applying axial pressure to said punch sufficient to embed said projections into said interior surface of said closed end of said jacket, thereby forming a plurality of indentations into said closed end of said jacket.
2. The method of claim 1 wherein said projections from said distal face are of substantially equal size and shape.
3. The method of claim 1 wherein said projections are embedded into said closed end to the extent of between about 50% and about 75% of the total thickness of said closed end of said jacket.
4. The method of claim 1 and including the further steps of
withdrawing said punch from said jacket,
inserting a core into said jacket,
pressing said core into intimate contact with said closed end of said jacket,
withdrawing said jacket/core combination from said die,
inserting said jacket/core combination into a die having a tapered closed end die cavity with said open end of said jacket being innermost within said die cavity,
inserting a punch into said die cavity and applying axial pressure against said closed end of said jacket sufficient to urge said open end of said jacket and at least a portion of said core into said tapered end of said die cavity to at least substantially close said open end of said jacket and define a projectile having an ogive.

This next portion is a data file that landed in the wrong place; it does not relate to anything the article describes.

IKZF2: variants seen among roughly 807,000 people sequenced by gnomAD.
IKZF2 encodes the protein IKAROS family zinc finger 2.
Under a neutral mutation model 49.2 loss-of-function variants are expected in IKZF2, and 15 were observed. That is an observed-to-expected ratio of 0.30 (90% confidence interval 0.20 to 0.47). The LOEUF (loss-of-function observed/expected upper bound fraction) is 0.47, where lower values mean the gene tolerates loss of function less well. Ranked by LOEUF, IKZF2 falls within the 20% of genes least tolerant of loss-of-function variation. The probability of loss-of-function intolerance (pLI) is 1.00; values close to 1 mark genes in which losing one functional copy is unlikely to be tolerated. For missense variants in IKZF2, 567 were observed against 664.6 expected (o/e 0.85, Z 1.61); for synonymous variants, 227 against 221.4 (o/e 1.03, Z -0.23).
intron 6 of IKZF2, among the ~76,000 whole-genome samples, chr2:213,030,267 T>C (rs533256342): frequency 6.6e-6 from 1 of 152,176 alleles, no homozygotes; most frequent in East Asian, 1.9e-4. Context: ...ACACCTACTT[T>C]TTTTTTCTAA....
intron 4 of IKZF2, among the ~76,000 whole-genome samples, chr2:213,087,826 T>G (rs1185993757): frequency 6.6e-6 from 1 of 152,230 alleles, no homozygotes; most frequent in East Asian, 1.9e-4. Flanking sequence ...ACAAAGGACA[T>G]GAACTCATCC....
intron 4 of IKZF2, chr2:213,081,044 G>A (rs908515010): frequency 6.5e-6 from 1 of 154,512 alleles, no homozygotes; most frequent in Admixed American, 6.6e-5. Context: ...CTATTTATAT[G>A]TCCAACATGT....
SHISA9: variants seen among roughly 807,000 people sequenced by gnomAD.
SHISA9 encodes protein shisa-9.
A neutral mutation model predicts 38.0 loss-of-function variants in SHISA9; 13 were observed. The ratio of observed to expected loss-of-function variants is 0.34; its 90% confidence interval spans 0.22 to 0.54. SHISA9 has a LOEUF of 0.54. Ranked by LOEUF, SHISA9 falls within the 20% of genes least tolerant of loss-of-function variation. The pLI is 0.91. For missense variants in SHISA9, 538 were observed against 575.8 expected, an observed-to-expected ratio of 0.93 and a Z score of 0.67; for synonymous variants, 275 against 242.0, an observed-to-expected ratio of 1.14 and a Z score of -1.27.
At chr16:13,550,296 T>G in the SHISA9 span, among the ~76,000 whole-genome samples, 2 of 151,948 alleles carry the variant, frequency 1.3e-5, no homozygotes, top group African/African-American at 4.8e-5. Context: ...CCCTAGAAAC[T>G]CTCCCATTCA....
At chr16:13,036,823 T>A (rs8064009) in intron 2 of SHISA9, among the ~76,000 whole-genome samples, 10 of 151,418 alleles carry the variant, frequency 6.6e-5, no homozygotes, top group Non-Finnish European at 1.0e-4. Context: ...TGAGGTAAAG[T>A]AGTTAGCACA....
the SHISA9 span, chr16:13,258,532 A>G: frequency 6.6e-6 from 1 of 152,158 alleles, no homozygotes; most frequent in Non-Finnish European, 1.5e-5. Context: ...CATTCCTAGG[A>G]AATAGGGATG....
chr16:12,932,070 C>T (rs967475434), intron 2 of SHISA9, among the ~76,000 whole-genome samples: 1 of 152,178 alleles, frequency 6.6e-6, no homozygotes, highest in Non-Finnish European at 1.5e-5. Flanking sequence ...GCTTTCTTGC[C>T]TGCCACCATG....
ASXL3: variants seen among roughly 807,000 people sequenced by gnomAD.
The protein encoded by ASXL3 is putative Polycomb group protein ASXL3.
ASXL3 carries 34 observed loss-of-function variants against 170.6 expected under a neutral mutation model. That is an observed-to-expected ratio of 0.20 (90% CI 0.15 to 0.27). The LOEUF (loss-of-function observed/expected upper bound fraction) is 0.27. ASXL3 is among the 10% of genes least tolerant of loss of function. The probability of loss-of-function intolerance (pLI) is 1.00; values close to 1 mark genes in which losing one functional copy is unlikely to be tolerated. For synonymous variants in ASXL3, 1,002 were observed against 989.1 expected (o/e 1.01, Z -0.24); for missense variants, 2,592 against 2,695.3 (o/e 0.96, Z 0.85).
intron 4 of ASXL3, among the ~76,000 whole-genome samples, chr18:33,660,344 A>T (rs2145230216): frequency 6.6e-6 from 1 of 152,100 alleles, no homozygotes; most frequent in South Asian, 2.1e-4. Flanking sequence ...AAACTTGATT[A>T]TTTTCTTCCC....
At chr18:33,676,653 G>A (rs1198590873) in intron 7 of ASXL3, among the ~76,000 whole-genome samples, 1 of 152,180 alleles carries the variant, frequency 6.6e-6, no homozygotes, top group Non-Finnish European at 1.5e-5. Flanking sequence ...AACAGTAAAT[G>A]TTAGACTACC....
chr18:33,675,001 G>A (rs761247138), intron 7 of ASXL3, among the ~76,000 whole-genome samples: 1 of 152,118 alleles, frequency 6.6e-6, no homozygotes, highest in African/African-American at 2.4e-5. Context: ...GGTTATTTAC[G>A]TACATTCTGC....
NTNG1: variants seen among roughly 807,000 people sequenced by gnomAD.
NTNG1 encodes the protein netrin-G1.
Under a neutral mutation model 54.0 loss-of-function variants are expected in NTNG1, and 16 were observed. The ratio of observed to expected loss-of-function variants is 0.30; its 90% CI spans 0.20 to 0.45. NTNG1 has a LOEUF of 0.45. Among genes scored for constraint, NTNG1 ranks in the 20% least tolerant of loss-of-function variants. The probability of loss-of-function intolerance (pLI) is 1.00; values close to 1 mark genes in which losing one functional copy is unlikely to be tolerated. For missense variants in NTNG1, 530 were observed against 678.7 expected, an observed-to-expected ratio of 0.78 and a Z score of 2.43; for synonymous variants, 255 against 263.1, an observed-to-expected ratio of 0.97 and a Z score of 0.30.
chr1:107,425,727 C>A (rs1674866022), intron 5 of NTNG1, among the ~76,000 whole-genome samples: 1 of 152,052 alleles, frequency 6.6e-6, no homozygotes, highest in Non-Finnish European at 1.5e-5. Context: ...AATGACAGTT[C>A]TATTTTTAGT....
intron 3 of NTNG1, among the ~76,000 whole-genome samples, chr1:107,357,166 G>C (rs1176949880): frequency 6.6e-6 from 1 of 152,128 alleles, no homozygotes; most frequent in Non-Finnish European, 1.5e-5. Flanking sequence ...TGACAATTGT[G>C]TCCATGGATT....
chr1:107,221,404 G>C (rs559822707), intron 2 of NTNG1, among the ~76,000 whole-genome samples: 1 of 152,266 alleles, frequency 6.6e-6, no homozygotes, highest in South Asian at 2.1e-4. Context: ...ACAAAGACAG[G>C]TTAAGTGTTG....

5. The method of claim 4 and including the step of inserting a ductile metal disc intermediate said core and said distal face of said punch, said disc being of a diameter substantially equal to the interior diameter of said jacket.
6. The method of claim 5 wherein said disc is deformed into a generally hollow hemispherical geometry within said ogive.
7. The method of claim 6 wherein said disc substantially closes said ogive.
8. The method of claim 1 and including the steps of inserting a core within said jacket adjacent the closed end thereof,
disposing said jacket/core combination into a first die cavity having a tapered closed end,
inserting a first punch having a distal end having a flat distal face into said jacket and in engagement with said core,
applying axial pressure to said punch sufficient to urge said core into intimate contact with said closed end of said jacket and to urge said jacket/core combination into said tapered end of said die cavity to define a tapered end on said jacket/core combination,
removing said jacket/core combination from said first die cavity,
inserting said jacket/core combination into said first die cavity having a tapered closed end with said open end of said jacket being disposed innermost of said die cavity,
inserting a second punch having a distal face into said die cavity and into engagement with said rounded closed end of said jacket/core combination,